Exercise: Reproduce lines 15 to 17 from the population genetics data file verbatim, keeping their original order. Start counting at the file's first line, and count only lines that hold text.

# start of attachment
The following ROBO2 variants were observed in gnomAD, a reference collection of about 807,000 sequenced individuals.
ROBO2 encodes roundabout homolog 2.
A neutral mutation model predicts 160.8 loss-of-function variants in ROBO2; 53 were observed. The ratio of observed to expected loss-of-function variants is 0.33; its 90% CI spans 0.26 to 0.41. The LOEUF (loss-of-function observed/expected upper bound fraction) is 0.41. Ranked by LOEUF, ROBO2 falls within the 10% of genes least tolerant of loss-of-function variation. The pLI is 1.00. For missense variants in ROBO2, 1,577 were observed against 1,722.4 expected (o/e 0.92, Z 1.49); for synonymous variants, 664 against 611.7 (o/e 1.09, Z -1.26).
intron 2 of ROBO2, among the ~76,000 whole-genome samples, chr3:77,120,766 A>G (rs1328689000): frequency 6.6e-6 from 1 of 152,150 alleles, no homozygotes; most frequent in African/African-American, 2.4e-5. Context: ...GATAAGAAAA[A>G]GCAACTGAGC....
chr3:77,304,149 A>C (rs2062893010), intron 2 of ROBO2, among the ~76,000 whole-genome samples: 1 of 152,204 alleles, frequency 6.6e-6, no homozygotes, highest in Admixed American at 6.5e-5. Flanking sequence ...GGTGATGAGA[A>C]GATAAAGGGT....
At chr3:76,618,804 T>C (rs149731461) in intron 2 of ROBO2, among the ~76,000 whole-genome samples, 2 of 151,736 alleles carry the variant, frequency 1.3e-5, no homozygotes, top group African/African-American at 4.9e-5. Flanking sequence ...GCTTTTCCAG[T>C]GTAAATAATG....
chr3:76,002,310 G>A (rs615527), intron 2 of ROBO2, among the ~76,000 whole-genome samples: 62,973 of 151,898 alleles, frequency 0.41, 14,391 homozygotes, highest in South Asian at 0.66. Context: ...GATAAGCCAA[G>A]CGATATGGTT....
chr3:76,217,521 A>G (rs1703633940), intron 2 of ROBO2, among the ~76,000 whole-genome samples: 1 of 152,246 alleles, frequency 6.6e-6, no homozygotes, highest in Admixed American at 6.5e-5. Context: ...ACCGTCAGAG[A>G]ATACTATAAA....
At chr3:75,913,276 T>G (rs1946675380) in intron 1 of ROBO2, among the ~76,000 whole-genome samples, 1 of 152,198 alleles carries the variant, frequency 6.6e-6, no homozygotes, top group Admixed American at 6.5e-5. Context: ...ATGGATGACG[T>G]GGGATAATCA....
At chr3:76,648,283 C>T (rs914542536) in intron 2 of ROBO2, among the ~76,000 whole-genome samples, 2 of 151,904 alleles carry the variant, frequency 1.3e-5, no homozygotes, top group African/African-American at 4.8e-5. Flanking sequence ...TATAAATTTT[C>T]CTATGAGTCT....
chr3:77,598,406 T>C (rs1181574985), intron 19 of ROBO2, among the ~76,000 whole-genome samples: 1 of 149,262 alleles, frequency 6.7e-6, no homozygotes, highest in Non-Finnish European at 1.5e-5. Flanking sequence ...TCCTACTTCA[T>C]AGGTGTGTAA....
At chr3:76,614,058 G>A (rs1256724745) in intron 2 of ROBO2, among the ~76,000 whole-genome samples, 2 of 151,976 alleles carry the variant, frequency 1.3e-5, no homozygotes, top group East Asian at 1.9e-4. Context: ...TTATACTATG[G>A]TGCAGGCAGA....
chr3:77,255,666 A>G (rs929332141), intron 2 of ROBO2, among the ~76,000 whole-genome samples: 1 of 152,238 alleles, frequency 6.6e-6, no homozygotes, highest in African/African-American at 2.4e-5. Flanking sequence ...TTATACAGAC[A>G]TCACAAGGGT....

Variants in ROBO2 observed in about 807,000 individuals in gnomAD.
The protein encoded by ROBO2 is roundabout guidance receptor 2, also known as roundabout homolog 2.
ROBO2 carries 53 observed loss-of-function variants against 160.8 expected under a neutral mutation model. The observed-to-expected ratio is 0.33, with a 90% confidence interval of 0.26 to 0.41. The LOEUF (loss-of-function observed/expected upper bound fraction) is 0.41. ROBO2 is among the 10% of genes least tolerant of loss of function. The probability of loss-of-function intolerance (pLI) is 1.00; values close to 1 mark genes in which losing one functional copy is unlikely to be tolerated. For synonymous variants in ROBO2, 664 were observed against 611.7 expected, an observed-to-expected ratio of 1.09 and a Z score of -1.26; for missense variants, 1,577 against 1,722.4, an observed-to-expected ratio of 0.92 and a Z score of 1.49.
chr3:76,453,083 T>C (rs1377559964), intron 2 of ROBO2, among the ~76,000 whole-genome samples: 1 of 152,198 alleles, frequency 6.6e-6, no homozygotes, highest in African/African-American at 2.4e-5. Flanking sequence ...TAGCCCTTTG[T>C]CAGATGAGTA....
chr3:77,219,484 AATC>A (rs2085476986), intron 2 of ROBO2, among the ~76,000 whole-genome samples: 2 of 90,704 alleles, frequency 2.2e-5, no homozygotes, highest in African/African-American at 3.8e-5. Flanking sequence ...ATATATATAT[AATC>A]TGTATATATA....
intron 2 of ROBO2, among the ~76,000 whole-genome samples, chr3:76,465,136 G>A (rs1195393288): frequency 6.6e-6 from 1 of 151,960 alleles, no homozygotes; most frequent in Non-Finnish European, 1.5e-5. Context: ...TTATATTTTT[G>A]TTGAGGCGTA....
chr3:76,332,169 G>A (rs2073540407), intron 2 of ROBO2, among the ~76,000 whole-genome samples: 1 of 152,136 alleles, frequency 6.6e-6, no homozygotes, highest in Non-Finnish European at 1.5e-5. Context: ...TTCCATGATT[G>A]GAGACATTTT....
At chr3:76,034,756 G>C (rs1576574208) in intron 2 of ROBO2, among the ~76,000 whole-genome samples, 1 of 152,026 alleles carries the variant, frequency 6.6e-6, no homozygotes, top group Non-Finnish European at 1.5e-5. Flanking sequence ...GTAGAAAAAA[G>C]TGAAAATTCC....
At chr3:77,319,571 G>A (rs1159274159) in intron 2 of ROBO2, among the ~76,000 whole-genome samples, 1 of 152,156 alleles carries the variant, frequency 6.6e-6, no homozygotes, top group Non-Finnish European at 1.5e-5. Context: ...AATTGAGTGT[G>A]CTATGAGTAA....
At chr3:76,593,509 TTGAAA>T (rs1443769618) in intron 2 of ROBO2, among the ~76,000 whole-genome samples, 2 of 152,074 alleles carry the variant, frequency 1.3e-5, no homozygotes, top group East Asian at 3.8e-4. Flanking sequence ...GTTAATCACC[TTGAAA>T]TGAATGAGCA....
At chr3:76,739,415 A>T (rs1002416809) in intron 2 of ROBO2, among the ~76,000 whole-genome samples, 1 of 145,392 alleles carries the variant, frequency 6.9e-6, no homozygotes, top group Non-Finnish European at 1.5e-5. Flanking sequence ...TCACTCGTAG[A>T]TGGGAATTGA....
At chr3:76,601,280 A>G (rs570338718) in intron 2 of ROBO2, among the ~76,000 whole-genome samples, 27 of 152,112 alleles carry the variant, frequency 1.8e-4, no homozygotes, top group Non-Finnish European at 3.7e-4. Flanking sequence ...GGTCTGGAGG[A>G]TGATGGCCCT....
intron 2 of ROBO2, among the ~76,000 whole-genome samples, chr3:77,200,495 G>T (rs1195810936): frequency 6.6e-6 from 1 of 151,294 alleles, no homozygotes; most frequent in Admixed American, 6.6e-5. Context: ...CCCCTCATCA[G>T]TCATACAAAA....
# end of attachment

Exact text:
The protein encoded by ROBO2 is roundabout guidance receptor 2, also known as roundabout homolog 2.
ROBO2 carries 53 observed loss-of-function variants against 160.8 expected under a neutral mutation model. The observed-to-expected ratio is 0.33, with a 90% confidence interval of 0.26 to 0.41. The LOEUF (loss-of-function observed/expected upper bound fraction) is 0.41. ROBO2 is among the 10% of genes least tolerant of loss of function. The probability of loss-of-function intolerance (pLI) is 1.00; values close to 1 mark genes in which losing one functional copy is unlikely to be tolerated. For synonymous variants in ROBO2, 664 were observed against 611.7 expected, an observed-to-expected ratio of 1.09 and a Z score of -1.26; for missense variants, 1,577 against 1,722.4, an observed-to-expected ratio of 0.92 and a Z score of 1.49.
chr3:76,453,083 T>C (rs1377559964), intron 2 of ROBO2, among the ~76,000 whole-genome samples: 1 of 152,198 alleles, frequency 6.6e-6, no homozygotes, highest in African/African-American at 2.4e-5. Flanking sequence ...TAGCCCTTTG[T>C]CAGATGAGTA....